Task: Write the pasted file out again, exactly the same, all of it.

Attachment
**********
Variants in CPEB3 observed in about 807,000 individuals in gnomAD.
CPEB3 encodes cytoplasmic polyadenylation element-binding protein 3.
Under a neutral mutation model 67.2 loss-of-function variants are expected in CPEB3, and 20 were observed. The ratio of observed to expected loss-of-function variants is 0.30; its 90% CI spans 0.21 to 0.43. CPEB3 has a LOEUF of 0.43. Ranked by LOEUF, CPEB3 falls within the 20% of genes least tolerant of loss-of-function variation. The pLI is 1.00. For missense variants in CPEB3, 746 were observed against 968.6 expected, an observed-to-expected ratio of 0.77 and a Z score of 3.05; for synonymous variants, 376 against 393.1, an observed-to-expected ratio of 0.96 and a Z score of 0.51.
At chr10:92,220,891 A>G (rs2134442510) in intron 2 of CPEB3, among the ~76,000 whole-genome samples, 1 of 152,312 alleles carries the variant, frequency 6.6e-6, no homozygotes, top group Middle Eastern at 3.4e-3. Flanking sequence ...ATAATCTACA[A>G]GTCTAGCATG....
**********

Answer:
Variants in CPEB3 observed in about 807,000 individuals in gnomAD.
CPEB3 encodes cytoplasmic polyadenylation element-binding protein 3.
Under a neutral mutation model 67.2 loss-of-function variants are expected in CPEB3, and 20 were observed. The ratio of observed to expected loss-of-function variants is 0.30; its 90% CI spans 0.21 to 0.43. CPEB3 has a LOEUF of 0.43. Ranked by LOEUF, CPEB3 falls within the 20% of genes least tolerant of loss-of-function variation. The pLI is 1.00. For missense variants in CPEB3, 746 were observed against 968.6 expected, an observed-to-expected ratio of 0.77 and a Z score of 3.05; for synonymous variants, 376 against 393.1, an observed-to-expected ratio of 0.96 and a Z score of 0.51.
At chr10:92,220,891 A>G (rs2134442510) in intron 2 of CPEB3, among the ~76,000 whole-genome samples, 1 of 152,312 alleles carries the variant, frequency 6.6e-6, no homozygotes, top group Middle Eastern at 3.4e-3. Flanking sequence ...ATAATCTACA[A>G]GTCTAGCATG....